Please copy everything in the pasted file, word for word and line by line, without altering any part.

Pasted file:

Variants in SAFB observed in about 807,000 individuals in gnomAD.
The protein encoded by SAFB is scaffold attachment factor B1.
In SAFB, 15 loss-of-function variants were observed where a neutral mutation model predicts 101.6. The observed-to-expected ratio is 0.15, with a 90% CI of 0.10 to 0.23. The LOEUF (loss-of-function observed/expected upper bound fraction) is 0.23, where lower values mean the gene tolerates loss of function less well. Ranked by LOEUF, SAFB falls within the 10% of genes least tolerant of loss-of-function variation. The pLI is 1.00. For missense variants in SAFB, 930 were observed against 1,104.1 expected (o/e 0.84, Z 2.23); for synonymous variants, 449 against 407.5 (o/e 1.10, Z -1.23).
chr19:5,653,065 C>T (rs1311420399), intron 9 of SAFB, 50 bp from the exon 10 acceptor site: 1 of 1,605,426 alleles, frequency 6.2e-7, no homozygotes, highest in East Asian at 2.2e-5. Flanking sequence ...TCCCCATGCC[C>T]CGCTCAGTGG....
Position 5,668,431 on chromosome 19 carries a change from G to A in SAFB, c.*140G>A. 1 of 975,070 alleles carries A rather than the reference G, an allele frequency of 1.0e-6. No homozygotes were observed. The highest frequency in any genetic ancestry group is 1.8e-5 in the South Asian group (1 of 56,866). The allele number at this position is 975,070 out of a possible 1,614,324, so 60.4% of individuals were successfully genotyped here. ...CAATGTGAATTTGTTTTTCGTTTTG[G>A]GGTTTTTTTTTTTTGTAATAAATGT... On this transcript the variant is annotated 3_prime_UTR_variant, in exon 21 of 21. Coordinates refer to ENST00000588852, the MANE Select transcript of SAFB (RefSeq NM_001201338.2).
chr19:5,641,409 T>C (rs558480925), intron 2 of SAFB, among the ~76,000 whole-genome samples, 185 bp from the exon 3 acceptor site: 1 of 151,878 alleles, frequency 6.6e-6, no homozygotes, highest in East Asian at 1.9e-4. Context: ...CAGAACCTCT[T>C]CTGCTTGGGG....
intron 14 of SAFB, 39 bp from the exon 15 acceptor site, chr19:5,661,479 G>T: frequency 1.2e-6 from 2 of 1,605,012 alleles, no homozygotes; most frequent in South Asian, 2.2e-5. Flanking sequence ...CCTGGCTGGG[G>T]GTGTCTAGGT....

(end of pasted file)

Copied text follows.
Variants in SAFB observed in about 807,000 individuals in gnomAD.
The protein encoded by SAFB is scaffold attachment factor B1.
In SAFB, 15 loss-of-function variants were observed where a neutral mutation model predicts 101.6. The observed-to-expected ratio is 0.15, with a 90% CI of 0.10 to 0.23. The LOEUF (loss-of-function observed/expected upper bound fraction) is 0.23, where lower values mean the gene tolerates loss of function less well. Ranked by LOEUF, SAFB falls within the 10% of genes least tolerant of loss-of-function variation. The pLI is 1.00. For missense variants in SAFB, 930 were observed against 1,104.1 expected (o/e 0.84, Z 2.23); for synonymous variants, 449 against 407.5 (o/e 1.10, Z -1.23).
chr19:5,653,065 C>T (rs1311420399), intron 9 of SAFB, 50 bp from the exon 10 acceptor site: 1 of 1,605,426 alleles, frequency 6.2e-7, no homozygotes, highest in East Asian at 2.2e-5. Flanking sequence ...TCCCCATGCC[C>T]CGCTCAGTGG....
Position 5,668,431 on chromosome 19 carries a change from G to A in SAFB, c.*140G>A. 1 of 975,070 alleles carries A rather than the reference G, an allele frequency of 1.0e-6. No homozygotes were observed. The highest frequency in any genetic ancestry group is 1.8e-5 in the South Asian group (1 of 56,866). The allele number at this position is 975,070 out of a possible 1,614,324, so 60.4% of individuals were successfully genotyped here. ...CAATGTGAATTTGTTTTTCGTTTTG[G>A]GGTTTTTTTTTTTTGTAATAAATGT... On this transcript the variant is annotated 3_prime_UTR_variant, in exon 21 of 21. Coordinates refer to ENST00000588852, the MANE Select transcript of SAFB (RefSeq NM_001201338.2).
chr19:5,641,409 T>C (rs558480925), intron 2 of SAFB, among the ~76,000 whole-genome samples, 185 bp from the exon 3 acceptor site: 1 of 151,878 alleles, frequency 6.6e-6, no homozygotes, highest in East Asian at 1.9e-4. Context: ...CAGAACCTCT[T>C]CTGCTTGGGG....
intron 14 of SAFB, 39 bp from the exon 15 acceptor site, chr19:5,661,479 G>T: frequency 1.2e-6 from 2 of 1,605,012 alleles, no homozygotes; most frequent in South Asian, 2.2e-5. Flanking sequence ...CCTGGCTGGG[G>T]GTGTCTAGGT....